A space that feels comfortable is appropriately sized for its intended activity.
For example, the nook above is in a house with kids. The parents wanted a game & homework spot for their kids. We could have designed an extra room, a play room with desks. But this disconnects the kids' area from the family. So instead, we designed this nook with built-in benches & a table that is right off the living room. The kids play games and do homework at the table, and can leave everything out and messy without adding disarray to the family living space. And the size is less than 25 SF instead of 150 SF for a play room. At construction costs over $125 per square foot, that puts the direct cost savings at over $15,000.
Why build small?
Building to the size you need (and no more) offers many tangible benefits (besides feeling more comfortable and intimate). The most obvious benefit, is that a smaller building means fewer materials, which means lower upfront costs for construction. A smaller house also means lower ongoing bills, since there is less space to heat or cool. And my personal favorite benefit, is that a smaller space means less to clean!
4 design strategies
So how to build smaller without feeling cramped? Below are 4 design strategies that make small spaces feel comfortable without feeling claustrophobic.
1. connect to outdoors
One way to make a small space feel more expansive is to connect it visually and/or literally to the outdoors, using windows or glass doors. When you can see beyond the room you are in, your brain sort of "borrows" the space beyond and adds it to expand the one you are in. This is true whether connecting two interior spaces together or adding a visual link to outside.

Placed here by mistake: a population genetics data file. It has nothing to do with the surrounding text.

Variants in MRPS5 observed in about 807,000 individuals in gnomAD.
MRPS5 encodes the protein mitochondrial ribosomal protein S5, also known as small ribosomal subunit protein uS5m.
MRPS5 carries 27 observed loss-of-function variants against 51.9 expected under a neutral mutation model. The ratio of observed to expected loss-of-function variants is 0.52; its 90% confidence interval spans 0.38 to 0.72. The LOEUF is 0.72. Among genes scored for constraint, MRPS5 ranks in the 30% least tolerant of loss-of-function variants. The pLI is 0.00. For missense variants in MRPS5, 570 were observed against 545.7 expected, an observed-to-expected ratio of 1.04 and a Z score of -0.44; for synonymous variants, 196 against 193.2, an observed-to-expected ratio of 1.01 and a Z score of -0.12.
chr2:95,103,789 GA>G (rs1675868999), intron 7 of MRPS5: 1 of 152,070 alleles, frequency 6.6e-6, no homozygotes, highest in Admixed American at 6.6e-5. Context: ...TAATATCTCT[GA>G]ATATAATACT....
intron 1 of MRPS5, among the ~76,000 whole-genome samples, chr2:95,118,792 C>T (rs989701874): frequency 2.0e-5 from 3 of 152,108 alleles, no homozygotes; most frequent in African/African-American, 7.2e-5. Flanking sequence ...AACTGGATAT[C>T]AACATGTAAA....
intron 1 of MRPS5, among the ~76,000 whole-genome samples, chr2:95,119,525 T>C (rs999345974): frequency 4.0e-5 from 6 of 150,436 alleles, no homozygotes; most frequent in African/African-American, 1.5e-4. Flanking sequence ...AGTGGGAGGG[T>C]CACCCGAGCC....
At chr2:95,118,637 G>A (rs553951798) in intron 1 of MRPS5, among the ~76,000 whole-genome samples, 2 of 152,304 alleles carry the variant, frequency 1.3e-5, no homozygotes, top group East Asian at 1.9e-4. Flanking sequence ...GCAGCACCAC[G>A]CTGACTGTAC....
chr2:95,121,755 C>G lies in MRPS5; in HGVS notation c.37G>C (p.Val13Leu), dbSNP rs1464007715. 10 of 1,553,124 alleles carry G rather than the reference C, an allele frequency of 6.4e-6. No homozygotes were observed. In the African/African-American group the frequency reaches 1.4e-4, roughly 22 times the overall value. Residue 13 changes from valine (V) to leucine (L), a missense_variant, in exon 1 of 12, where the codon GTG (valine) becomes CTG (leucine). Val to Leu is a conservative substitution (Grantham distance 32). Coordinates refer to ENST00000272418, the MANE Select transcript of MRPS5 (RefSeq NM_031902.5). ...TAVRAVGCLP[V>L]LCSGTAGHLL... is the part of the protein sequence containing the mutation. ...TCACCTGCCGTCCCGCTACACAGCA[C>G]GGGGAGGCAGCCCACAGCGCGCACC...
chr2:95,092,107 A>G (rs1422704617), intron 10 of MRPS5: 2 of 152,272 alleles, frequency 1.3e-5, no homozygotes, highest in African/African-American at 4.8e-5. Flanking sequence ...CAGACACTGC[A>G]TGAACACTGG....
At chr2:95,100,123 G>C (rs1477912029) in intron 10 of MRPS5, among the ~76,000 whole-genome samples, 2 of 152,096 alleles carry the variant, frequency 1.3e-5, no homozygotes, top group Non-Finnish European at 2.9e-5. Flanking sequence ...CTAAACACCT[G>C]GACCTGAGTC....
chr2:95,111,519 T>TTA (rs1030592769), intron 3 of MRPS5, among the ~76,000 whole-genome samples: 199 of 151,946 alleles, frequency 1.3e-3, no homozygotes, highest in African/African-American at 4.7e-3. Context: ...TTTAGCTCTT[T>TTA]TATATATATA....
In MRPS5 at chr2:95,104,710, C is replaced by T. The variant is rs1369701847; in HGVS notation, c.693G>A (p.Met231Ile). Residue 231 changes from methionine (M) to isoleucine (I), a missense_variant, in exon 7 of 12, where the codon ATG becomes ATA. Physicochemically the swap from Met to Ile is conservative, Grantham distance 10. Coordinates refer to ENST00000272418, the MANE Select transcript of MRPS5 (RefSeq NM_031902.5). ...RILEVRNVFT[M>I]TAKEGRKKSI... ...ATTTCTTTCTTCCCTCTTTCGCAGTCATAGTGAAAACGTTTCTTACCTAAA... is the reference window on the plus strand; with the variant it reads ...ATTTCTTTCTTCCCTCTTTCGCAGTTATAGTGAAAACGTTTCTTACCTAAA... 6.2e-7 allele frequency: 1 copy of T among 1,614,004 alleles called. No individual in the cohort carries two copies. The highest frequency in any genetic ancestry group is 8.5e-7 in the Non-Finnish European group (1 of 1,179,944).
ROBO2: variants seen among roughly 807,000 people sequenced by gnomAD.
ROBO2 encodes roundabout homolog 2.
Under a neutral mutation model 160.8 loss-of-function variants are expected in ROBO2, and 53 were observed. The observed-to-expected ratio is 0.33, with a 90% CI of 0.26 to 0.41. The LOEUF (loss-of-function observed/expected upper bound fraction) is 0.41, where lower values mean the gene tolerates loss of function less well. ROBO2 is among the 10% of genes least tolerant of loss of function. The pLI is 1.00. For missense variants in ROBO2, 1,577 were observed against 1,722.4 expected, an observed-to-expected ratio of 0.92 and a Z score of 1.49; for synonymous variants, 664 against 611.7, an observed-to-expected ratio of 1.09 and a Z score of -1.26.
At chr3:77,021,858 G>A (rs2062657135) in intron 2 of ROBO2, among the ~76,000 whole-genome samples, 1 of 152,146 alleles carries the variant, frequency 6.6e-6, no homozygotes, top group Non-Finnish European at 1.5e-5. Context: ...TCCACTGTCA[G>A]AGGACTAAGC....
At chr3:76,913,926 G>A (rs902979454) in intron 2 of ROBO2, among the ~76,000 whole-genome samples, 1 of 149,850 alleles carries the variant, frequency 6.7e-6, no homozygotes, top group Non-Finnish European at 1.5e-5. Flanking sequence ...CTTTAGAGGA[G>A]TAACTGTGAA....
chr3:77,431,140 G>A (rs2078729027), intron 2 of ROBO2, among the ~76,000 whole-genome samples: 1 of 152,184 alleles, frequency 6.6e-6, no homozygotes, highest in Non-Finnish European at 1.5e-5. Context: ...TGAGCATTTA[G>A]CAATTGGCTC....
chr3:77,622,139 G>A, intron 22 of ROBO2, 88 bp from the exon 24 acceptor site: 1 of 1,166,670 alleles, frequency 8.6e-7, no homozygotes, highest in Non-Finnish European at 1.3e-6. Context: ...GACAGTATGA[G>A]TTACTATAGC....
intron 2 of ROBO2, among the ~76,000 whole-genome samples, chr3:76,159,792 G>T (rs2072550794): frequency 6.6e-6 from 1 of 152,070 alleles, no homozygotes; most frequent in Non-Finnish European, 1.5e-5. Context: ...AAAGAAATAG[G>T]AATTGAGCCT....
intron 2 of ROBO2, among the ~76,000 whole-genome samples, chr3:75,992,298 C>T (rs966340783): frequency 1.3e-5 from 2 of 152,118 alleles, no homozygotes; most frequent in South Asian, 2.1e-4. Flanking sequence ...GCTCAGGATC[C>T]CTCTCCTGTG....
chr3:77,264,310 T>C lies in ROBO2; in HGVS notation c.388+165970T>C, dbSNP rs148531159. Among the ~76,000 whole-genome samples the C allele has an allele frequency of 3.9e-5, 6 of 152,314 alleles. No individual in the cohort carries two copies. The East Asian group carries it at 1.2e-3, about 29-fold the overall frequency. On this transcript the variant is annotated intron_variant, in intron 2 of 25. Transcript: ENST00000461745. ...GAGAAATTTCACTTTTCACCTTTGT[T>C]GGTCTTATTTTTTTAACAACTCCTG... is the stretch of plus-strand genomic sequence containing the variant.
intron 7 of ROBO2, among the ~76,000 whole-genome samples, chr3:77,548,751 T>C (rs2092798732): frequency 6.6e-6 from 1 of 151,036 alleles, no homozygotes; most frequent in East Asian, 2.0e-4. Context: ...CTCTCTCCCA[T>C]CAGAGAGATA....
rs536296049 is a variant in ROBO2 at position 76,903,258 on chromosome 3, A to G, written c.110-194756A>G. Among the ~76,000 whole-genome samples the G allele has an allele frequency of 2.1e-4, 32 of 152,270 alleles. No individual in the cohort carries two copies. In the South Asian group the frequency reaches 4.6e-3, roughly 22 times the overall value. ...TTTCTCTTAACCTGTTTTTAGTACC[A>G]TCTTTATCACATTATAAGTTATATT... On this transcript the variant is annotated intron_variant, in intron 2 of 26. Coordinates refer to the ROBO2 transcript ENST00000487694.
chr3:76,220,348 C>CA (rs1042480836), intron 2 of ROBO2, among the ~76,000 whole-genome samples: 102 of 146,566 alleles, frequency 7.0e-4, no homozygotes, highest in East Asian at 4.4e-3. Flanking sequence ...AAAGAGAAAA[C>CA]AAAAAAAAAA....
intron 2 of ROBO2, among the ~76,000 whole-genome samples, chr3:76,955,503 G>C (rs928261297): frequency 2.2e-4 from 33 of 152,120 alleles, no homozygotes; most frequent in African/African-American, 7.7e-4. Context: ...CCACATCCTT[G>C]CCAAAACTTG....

2. excellent well-lit spaceA well-lit space feels larger than a dark space...and natural sunlight creates the best quality light. Designing for excellent light quality means each major space should have sunlight entering from windows on at least 2 directions...that includes light from above. Light entering from two different sides of a room fills in shade spots, balances the light, and reduces glare. Light colored surfaces also help to bounce light within the space.
3. delineate space without wallsThere are many, many ways to demarcate where one space ends and another begins without using solid walls. And when you combine uses into a single space...like cooking with eating...the total footprint can be smaller with the same functionality. That's because the circulation space is shared. (Circulation space refers to the floor area needed for moving around.) So, if you aren't using walls to separate the space, you can use other strategies to mark where one ends and the other begins...like a set of columns, or a kitchen island, or a change in floor material, or a change in ceiling height or material...
4. integrate storageThere are so many creative strategies for integrating storage throughout a house...under stairs, built-in benches with storage, shelving within the wall thickness. You can store more stuff in less space with a well-designed cabinet than you can in a closet, especially a walk-in closet. Kindof like a boat interior...where no space is goes wasted.
There are some great books on designing appropriately-sized homes. Any of Sarah Susanka's "Not So Big House" books are fabulous (my favorite is below). The others here offer inspirational photos & examples of small home designs. Click the book covers for more info or to purchase.